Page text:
Mar 10th 2008

Caleb, Izzy, Lenore

Posted in Caleb, Izzy, Lenore

Ready to work Ready to work

March 10, 2008 – Izzy, Lenore and I ventured far out into the countryside today, to see Caleb, a 90-year-old who entered the Hospice program last week. Caleb can’t speak, and can only move one hand. He is a lifelong dog lover and the broad smile that erupted on his face lit up the room when he saw Izzy, and then Lenore.
Izzy is by now a Hospice supervisor, the Hospice staff jokes. He came into the house, found the stairs, rushed up to Caleb’s room, found him sitting in a wheelchair, and by the time I got up there, he had his head under Caleb’s hand.
Lenore did beautifully. She gently climbed up on the chair so Caleb could pet her, and he seemed, after awhile, to want to see Lenore, who is, after all, the Light. Izzy backed up and watched, and he seemed almost bemused by Lenore’s spotlight-stealing.
This was, in many respects, one of our tougher Hospice visits. Caleb can’t speak, so we had to pay close attention to his reactions. These are difficult behaviors for most dogs, including mine, to read. Izzy is experienced at this now, but it was new to Lenore, who seemed tentative at first (quite naturally.)
Izzy put his head in Caleb’s hand, Lenore seemed initially confused, then seemed to figure it out. At seven months, and only two weeks into Hospice work, she has not yet developed Izzy’s confidence at entering a new space, and going to work. He always has done this, but has gotten more focused, even businesslike, with experience. Izzy has changed after nearly a year in Hospice.
After a few minutes, Lenore lay at Caleb’s feet and waited to be petted.  We helped him reach his hand over and stroke her back.
He smiled repeatedly, and nodded enthusiastically when asked if he enjoyed the dogs.
Then we got Lenore to climb up and cuddle with him, which he clearly enjoyed.
We will see him again in a few days. This is a challenge for us. It was a valuable experience for Lenore, who seemed clearly to pick up on the idea that she was there to pay attention to someone in particular. I can’t be sure, and am loathe to guess about a dog’s mind, but she seemed to be watching Izzy closely, and after a few minutes, it seemed to me that she was following his lead. We will be back in a few days. This is the second time I’ve used both dogs, and it worked well, one lying down, getting out of the way, while the other worked. Good visit, by which I mean we clearly brought pleasure and comfort under circumstances that were challenging for the dogs, and for me.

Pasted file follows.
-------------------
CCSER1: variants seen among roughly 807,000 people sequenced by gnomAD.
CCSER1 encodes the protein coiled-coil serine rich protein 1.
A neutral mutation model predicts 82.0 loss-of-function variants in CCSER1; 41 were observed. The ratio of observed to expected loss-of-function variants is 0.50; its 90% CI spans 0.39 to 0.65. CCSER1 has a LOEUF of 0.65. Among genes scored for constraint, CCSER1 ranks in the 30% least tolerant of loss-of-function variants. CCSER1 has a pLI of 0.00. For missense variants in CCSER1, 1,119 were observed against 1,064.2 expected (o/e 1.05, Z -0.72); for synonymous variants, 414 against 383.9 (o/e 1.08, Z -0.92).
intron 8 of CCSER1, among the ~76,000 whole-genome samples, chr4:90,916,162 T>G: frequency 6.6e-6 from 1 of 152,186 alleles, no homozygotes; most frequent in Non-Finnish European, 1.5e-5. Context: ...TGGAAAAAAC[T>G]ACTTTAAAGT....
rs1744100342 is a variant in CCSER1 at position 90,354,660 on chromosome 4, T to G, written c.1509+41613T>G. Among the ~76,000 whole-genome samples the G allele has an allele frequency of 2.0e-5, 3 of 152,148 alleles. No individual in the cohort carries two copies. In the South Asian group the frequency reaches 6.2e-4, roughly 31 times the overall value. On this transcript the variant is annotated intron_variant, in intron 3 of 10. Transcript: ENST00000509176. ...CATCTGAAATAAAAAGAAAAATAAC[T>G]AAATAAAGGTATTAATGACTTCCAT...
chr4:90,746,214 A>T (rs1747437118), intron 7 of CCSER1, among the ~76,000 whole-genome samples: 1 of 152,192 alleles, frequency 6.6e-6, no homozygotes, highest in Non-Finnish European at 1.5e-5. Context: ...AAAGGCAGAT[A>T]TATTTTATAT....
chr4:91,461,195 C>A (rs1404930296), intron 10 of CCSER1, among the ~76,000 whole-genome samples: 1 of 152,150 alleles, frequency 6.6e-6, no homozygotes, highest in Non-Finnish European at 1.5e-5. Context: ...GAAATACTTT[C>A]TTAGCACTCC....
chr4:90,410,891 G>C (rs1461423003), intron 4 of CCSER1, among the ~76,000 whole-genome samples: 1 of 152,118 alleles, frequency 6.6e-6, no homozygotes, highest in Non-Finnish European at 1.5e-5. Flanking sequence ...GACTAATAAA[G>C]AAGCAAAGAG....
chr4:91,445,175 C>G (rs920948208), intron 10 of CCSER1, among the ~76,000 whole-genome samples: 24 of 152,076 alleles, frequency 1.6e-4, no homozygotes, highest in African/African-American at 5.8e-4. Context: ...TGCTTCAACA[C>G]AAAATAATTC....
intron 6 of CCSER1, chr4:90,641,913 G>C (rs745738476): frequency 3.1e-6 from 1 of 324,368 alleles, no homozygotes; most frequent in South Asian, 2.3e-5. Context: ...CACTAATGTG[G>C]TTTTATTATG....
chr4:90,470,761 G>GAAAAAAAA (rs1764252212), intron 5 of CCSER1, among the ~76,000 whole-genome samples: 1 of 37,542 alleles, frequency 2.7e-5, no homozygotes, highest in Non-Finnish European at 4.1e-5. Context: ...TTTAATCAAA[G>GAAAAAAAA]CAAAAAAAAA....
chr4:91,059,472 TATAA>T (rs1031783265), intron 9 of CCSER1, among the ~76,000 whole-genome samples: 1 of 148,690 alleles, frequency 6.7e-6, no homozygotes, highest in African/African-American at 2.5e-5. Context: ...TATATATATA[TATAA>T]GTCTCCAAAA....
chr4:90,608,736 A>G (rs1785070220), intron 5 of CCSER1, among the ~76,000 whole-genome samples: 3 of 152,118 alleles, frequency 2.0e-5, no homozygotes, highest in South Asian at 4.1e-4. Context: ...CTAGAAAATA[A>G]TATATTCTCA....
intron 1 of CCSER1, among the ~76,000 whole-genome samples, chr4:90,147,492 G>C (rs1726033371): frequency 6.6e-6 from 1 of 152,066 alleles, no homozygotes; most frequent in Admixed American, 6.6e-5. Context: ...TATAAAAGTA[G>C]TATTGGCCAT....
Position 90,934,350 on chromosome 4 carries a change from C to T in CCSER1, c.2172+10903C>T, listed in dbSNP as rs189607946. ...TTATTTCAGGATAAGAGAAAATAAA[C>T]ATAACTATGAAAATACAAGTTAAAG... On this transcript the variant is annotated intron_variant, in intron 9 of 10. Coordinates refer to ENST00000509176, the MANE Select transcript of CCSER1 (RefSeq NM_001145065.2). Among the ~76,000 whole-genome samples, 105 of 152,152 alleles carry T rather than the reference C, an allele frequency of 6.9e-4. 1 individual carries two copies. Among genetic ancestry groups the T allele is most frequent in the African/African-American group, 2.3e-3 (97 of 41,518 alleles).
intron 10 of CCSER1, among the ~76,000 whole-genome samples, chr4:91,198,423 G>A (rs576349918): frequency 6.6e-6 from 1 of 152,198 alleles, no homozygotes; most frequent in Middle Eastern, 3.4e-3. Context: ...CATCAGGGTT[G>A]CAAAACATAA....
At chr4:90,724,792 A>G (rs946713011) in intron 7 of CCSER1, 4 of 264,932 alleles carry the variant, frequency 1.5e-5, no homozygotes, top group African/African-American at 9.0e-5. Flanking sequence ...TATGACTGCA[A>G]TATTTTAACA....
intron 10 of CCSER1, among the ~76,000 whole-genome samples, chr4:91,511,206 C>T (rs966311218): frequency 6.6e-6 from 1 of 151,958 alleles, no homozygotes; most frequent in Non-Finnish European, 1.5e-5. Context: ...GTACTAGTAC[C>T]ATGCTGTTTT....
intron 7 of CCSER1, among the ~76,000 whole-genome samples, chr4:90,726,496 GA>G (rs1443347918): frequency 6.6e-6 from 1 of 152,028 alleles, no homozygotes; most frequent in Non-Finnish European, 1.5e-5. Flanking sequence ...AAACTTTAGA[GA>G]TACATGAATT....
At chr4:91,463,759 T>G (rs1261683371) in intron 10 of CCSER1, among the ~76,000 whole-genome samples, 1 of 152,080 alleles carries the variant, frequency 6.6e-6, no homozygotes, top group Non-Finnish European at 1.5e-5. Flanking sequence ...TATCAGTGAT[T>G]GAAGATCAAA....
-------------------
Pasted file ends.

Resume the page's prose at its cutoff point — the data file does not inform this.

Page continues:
Every Hospice visit is different, and asks and requires something different from the dogs, and from me. It is a powerful experience all around. The dogs seem to grasp that this matters, and they work hard. I take it seriously, and expect a lot of them, and I’m sure they sense this purpose in me.  These are important times for the people we visit, and I feel very strongly that they not be alarmed, or made uncomfortable in any way. No mistakes are appropriate here, and I suppose that is a lot of pressure on the dogs.
In addition to nursing and home care, Hospice musicians are coming in to bring Caleb some music
Both dogs collapsed when we got home and have barely moved. I’ve noticed this repeatedly in the Hospice work with dogs – they are quite drained afterwards. Lenore is always animated in the evenings, but she is lying at my feet and hasn’t moved since we got home.

By the time I got upstairs, Izzy was at work. Izzy has the touch.

Lenore calmed down quickly, kept an eye on Izzy, stayed out of the way when it was his turn.
She’s got it.